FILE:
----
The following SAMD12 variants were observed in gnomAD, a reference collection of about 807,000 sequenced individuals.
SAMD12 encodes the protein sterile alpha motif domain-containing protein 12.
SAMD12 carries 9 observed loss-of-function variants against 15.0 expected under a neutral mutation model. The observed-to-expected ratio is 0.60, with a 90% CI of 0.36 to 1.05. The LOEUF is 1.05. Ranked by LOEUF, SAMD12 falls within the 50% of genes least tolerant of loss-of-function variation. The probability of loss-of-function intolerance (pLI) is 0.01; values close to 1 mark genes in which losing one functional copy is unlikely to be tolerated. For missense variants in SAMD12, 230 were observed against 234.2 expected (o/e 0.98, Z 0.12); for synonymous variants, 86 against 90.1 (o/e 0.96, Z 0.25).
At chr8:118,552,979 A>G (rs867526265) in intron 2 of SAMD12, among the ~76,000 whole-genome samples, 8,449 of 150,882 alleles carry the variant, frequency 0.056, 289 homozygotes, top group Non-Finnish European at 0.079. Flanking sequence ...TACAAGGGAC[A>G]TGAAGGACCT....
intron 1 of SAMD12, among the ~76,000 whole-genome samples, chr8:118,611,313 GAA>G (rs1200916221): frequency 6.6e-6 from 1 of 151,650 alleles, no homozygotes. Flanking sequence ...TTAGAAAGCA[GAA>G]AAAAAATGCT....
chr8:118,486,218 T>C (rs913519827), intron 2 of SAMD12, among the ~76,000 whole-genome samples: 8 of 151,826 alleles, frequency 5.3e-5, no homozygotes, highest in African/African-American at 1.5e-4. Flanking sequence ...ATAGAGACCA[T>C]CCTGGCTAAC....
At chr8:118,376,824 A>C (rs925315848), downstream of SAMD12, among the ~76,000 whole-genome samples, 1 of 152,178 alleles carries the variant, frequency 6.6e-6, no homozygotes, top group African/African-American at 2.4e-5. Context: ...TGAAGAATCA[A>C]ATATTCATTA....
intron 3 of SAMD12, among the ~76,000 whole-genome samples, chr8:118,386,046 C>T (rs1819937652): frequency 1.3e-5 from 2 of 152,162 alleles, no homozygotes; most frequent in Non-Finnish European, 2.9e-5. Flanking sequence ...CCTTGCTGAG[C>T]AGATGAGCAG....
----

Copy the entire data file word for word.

The following SAMD12 variants were observed in gnomAD, a reference collection of about 807,000 sequenced individuals.
SAMD12 encodes the protein sterile alpha motif domain-containing protein 12.
SAMD12 carries 9 observed loss-of-function variants against 15.0 expected under a neutral mutation model. The observed-to-expected ratio is 0.60, with a 90% CI of 0.36 to 1.05. The LOEUF is 1.05. Ranked by LOEUF, SAMD12 falls within the 50% of genes least tolerant of loss-of-function variation. The probability of loss-of-function intolerance (pLI) is 0.01; values close to 1 mark genes in which losing one functional copy is unlikely to be tolerated. For missense variants in SAMD12, 230 were observed against 234.2 expected (o/e 0.98, Z 0.12); for synonymous variants, 86 against 90.1 (o/e 0.96, Z 0.25).
At chr8:118,552,979 A>G (rs867526265) in intron 2 of SAMD12, among the ~76,000 whole-genome samples, 8,449 of 150,882 alleles carry the variant, frequency 0.056, 289 homozygotes, top group Non-Finnish European at 0.079. Flanking sequence ...TACAAGGGAC[A>G]TGAAGGACCT....
intron 1 of SAMD12, among the ~76,000 whole-genome samples, chr8:118,611,313 GAA>G (rs1200916221): frequency 6.6e-6 from 1 of 151,650 alleles, no homozygotes. Flanking sequence ...TTAGAAAGCA[GAA>G]AAAAAATGCT....
chr8:118,486,218 T>C (rs913519827), intron 2 of SAMD12, among the ~76,000 whole-genome samples: 8 of 151,826 alleles, frequency 5.3e-5, no homozygotes, highest in African/African-American at 1.5e-4. Flanking sequence ...ATAGAGACCA[T>C]CCTGGCTAAC....
At chr8:118,376,824 A>C (rs925315848), downstream of SAMD12, among the ~76,000 whole-genome samples, 1 of 152,178 alleles carries the variant, frequency 6.6e-6, no homozygotes, top group African/African-American at 2.4e-5. Context: ...TGAAGAATCA[A>C]ATATTCATTA....
intron 3 of SAMD12, among the ~76,000 whole-genome samples, chr8:118,386,046 C>T (rs1819937652): frequency 1.3e-5 from 2 of 152,162 alleles, no homozygotes; most frequent in Non-Finnish European, 2.9e-5. Flanking sequence ...CCTTGCTGAG[C>T]AGATGAGCAG....